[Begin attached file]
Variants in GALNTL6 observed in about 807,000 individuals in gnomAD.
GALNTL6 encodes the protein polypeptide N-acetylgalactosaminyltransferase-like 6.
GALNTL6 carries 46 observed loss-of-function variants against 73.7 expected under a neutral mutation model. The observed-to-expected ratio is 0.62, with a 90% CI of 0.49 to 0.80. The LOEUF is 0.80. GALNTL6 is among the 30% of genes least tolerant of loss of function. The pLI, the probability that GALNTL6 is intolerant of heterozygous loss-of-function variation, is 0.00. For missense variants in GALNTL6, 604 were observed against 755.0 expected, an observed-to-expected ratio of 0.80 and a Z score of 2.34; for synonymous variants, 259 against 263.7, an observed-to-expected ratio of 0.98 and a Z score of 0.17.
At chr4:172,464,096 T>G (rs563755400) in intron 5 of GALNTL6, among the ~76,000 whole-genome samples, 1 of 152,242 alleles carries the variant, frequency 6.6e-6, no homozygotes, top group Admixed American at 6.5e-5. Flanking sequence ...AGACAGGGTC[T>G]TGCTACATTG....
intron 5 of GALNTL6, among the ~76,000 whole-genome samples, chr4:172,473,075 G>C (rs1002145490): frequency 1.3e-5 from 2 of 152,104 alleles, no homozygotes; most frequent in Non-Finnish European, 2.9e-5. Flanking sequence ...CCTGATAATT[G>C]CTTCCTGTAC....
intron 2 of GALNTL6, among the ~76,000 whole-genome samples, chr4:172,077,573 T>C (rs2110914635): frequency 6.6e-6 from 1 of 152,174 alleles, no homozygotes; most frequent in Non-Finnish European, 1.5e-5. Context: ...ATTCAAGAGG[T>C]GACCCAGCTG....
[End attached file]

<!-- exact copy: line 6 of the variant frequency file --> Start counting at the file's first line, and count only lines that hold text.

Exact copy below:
intron 2 of GALNTL6, among the ~76,000 whole-genome samples, chr4:172,077,573 T>C (rs2110914635): frequency 6.6e-6 from 1 of 152,174 alleles, no homozygotes; most frequent in Non-Finnish European, 1.5e-5. Context: ...ATTCAAGAGG[T>C]GACCCAGCTG....